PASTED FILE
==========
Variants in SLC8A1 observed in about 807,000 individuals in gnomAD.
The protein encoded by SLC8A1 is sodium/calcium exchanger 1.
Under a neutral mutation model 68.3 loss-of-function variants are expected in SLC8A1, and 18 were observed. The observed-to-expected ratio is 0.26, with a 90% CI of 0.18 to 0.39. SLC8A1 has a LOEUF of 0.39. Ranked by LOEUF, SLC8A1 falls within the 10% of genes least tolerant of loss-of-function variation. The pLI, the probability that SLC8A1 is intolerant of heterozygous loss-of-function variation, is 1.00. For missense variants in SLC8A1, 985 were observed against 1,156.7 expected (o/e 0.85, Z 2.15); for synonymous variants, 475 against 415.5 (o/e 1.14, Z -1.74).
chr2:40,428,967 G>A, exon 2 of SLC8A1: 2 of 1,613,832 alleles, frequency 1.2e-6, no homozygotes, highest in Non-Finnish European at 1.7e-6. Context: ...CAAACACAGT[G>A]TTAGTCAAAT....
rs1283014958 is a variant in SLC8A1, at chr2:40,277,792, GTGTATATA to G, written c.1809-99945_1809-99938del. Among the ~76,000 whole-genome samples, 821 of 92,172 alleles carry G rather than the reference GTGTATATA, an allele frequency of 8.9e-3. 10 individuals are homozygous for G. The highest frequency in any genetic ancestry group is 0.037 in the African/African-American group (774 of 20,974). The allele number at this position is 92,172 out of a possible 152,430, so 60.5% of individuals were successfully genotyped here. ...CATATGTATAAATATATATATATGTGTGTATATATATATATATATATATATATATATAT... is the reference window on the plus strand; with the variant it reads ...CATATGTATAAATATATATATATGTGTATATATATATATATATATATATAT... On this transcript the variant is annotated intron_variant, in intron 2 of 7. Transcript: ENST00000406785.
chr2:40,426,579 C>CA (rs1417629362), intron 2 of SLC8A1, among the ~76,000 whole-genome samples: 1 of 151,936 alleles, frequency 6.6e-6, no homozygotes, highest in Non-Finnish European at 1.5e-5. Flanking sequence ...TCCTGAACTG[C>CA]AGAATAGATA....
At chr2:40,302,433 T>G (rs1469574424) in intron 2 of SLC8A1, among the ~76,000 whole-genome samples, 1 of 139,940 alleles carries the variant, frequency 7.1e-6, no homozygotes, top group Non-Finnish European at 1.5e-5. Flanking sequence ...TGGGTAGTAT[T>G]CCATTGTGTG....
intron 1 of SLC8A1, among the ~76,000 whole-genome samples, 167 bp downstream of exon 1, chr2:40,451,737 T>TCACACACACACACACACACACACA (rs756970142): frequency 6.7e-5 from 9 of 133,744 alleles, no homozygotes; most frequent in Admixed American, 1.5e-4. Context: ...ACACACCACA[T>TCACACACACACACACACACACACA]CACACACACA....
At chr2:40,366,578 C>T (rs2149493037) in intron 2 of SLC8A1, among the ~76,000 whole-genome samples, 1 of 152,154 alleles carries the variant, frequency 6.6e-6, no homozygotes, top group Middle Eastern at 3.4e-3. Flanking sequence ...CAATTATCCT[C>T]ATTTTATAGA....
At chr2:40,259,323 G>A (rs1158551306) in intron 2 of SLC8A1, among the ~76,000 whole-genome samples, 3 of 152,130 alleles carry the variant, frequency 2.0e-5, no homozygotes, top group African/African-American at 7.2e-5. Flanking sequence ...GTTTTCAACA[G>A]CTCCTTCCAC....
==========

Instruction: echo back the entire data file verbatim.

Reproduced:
Variants in SLC8A1 observed in about 807,000 individuals in gnomAD.
The protein encoded by SLC8A1 is sodium/calcium exchanger 1.
Under a neutral mutation model 68.3 loss-of-function variants are expected in SLC8A1, and 18 were observed. The observed-to-expected ratio is 0.26, with a 90% CI of 0.18 to 0.39. SLC8A1 has a LOEUF of 0.39. Ranked by LOEUF, SLC8A1 falls within the 10% of genes least tolerant of loss-of-function variation. The pLI, the probability that SLC8A1 is intolerant of heterozygous loss-of-function variation, is 1.00. For missense variants in SLC8A1, 985 were observed against 1,156.7 expected (o/e 0.85, Z 2.15); for synonymous variants, 475 against 415.5 (o/e 1.14, Z -1.74).
chr2:40,428,967 G>A, exon 2 of SLC8A1: 2 of 1,613,832 alleles, frequency 1.2e-6, no homozygotes, highest in Non-Finnish European at 1.7e-6. Context: ...CAAACACAGT[G>A]TTAGTCAAAT....
rs1283014958 is a variant in SLC8A1, at chr2:40,277,792, GTGTATATA to G, written c.1809-99945_1809-99938del. Among the ~76,000 whole-genome samples, 821 of 92,172 alleles carry G rather than the reference GTGTATATA, an allele frequency of 8.9e-3. 10 individuals are homozygous for G. The highest frequency in any genetic ancestry group is 0.037 in the African/African-American group (774 of 20,974). The allele number at this position is 92,172 out of a possible 152,430, so 60.5% of individuals were successfully genotyped here. ...CATATGTATAAATATATATATATGTGTGTATATATATATATATATATATATATATATAT... is the reference window on the plus strand; with the variant it reads ...CATATGTATAAATATATATATATGTGTATATATATATATATATATATATAT... On this transcript the variant is annotated intron_variant, in intron 2 of 7. Transcript: ENST00000406785.
chr2:40,426,579 C>CA (rs1417629362), intron 2 of SLC8A1, among the ~76,000 whole-genome samples: 1 of 151,936 alleles, frequency 6.6e-6, no homozygotes, highest in Non-Finnish European at 1.5e-5. Flanking sequence ...TCCTGAACTG[C>CA]AGAATAGATA....
At chr2:40,302,433 T>G (rs1469574424) in intron 2 of SLC8A1, among the ~76,000 whole-genome samples, 1 of 139,940 alleles carries the variant, frequency 7.1e-6, no homozygotes, top group Non-Finnish European at 1.5e-5. Flanking sequence ...TGGGTAGTAT[T>G]CCATTGTGTG....
intron 1 of SLC8A1, among the ~76,000 whole-genome samples, 167 bp downstream of exon 1, chr2:40,451,737 T>TCACACACACACACACACACACACA (rs756970142): frequency 6.7e-5 from 9 of 133,744 alleles, no homozygotes; most frequent in Admixed American, 1.5e-4. Context: ...ACACACCACA[T>TCACACACACACACACACACACACA]CACACACACA....
At chr2:40,366,578 C>T (rs2149493037) in intron 2 of SLC8A1, among the ~76,000 whole-genome samples, 1 of 152,154 alleles carries the variant, frequency 6.6e-6, no homozygotes, top group Middle Eastern at 3.4e-3. Flanking sequence ...CAATTATCCT[C>T]ATTTTATAGA....
At chr2:40,259,323 G>A (rs1158551306) in intron 2 of SLC8A1, among the ~76,000 whole-genome samples, 3 of 152,130 alleles carry the variant, frequency 2.0e-5, no homozygotes, top group African/African-American at 7.2e-5. Flanking sequence ...GTTTTCAACA[G>A]CTCCTTCCAC....